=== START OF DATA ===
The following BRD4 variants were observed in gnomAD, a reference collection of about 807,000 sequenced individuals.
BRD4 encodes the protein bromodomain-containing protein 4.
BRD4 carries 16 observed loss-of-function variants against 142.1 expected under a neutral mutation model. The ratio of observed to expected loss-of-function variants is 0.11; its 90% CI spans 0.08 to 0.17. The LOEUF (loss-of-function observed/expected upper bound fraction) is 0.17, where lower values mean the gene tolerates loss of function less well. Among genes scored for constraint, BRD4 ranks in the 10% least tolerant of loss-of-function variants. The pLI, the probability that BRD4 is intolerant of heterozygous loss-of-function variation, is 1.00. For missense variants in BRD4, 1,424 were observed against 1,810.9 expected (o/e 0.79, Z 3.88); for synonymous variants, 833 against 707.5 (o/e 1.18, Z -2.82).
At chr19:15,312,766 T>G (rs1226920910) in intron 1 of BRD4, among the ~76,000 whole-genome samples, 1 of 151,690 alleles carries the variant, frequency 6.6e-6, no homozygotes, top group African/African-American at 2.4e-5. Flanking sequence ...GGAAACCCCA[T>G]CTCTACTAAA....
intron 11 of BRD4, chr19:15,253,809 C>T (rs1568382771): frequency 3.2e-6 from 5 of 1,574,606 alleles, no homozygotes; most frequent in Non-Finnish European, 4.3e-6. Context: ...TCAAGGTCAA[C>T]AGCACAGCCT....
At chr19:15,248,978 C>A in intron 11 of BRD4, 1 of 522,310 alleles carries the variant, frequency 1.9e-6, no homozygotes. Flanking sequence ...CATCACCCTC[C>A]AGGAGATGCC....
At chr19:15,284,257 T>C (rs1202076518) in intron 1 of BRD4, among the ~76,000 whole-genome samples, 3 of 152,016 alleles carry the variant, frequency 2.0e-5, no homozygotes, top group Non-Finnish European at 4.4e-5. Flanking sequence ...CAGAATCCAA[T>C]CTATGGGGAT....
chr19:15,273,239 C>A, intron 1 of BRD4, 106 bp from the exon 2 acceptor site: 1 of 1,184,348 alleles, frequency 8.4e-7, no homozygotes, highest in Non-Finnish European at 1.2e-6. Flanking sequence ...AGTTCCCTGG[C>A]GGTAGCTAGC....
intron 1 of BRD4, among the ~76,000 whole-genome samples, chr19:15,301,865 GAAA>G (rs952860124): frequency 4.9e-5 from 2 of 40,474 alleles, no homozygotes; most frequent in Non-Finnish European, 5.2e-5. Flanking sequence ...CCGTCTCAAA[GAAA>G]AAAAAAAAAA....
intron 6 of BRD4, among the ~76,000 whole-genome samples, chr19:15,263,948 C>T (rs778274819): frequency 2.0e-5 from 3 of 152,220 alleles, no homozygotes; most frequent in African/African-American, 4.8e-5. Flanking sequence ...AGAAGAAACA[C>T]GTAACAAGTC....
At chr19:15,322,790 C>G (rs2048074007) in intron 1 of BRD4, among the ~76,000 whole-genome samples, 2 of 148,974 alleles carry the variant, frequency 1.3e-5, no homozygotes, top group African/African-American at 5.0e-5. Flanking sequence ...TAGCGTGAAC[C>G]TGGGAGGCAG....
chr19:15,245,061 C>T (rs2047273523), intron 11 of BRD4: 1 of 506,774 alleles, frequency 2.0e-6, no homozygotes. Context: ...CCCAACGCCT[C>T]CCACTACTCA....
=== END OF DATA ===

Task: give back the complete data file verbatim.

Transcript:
The following BRD4 variants were observed in gnomAD, a reference collection of about 807,000 sequenced individuals.
BRD4 encodes the protein bromodomain-containing protein 4.
BRD4 carries 16 observed loss-of-function variants against 142.1 expected under a neutral mutation model. The ratio of observed to expected loss-of-function variants is 0.11; its 90% CI spans 0.08 to 0.17. The LOEUF (loss-of-function observed/expected upper bound fraction) is 0.17, where lower values mean the gene tolerates loss of function less well. Among genes scored for constraint, BRD4 ranks in the 10% least tolerant of loss-of-function variants. The pLI, the probability that BRD4 is intolerant of heterozygous loss-of-function variation, is 1.00. For missense variants in BRD4, 1,424 were observed against 1,810.9 expected (o/e 0.79, Z 3.88); for synonymous variants, 833 against 707.5 (o/e 1.18, Z -2.82).
At chr19:15,312,766 T>G (rs1226920910) in intron 1 of BRD4, among the ~76,000 whole-genome samples, 1 of 151,690 alleles carries the variant, frequency 6.6e-6, no homozygotes, top group African/African-American at 2.4e-5. Flanking sequence ...GGAAACCCCA[T>G]CTCTACTAAA....
intron 11 of BRD4, chr19:15,253,809 C>T (rs1568382771): frequency 3.2e-6 from 5 of 1,574,606 alleles, no homozygotes; most frequent in Non-Finnish European, 4.3e-6. Context: ...TCAAGGTCAA[C>T]AGCACAGCCT....
At chr19:15,248,978 C>A in intron 11 of BRD4, 1 of 522,310 alleles carries the variant, frequency 1.9e-6, no homozygotes. Flanking sequence ...CATCACCCTC[C>A]AGGAGATGCC....
At chr19:15,284,257 T>C (rs1202076518) in intron 1 of BRD4, among the ~76,000 whole-genome samples, 3 of 152,016 alleles carry the variant, frequency 2.0e-5, no homozygotes, top group Non-Finnish European at 4.4e-5. Flanking sequence ...CAGAATCCAA[T>C]CTATGGGGAT....
chr19:15,273,239 C>A, intron 1 of BRD4, 106 bp from the exon 2 acceptor site: 1 of 1,184,348 alleles, frequency 8.4e-7, no homozygotes, highest in Non-Finnish European at 1.2e-6. Flanking sequence ...AGTTCCCTGG[C>A]GGTAGCTAGC....
intron 1 of BRD4, among the ~76,000 whole-genome samples, chr19:15,301,865 GAAA>G (rs952860124): frequency 4.9e-5 from 2 of 40,474 alleles, no homozygotes; most frequent in Non-Finnish European, 5.2e-5. Flanking sequence ...CCGTCTCAAA[GAAA>G]AAAAAAAAAA....
intron 6 of BRD4, among the ~76,000 whole-genome samples, chr19:15,263,948 C>T (rs778274819): frequency 2.0e-5 from 3 of 152,220 alleles, no homozygotes; most frequent in African/African-American, 4.8e-5. Flanking sequence ...AGAAGAAACA[C>T]GTAACAAGTC....
At chr19:15,322,790 C>G (rs2048074007) in intron 1 of BRD4, among the ~76,000 whole-genome samples, 2 of 148,974 alleles carry the variant, frequency 1.3e-5, no homozygotes, top group African/African-American at 5.0e-5. Flanking sequence ...TAGCGTGAAC[C>G]TGGGAGGCAG....
chr19:15,245,061 C>T (rs2047273523), intron 11 of BRD4: 1 of 506,774 alleles, frequency 2.0e-6, no homozygotes. Context: ...CCCAACGCCT[C>T]CCACTACTCA....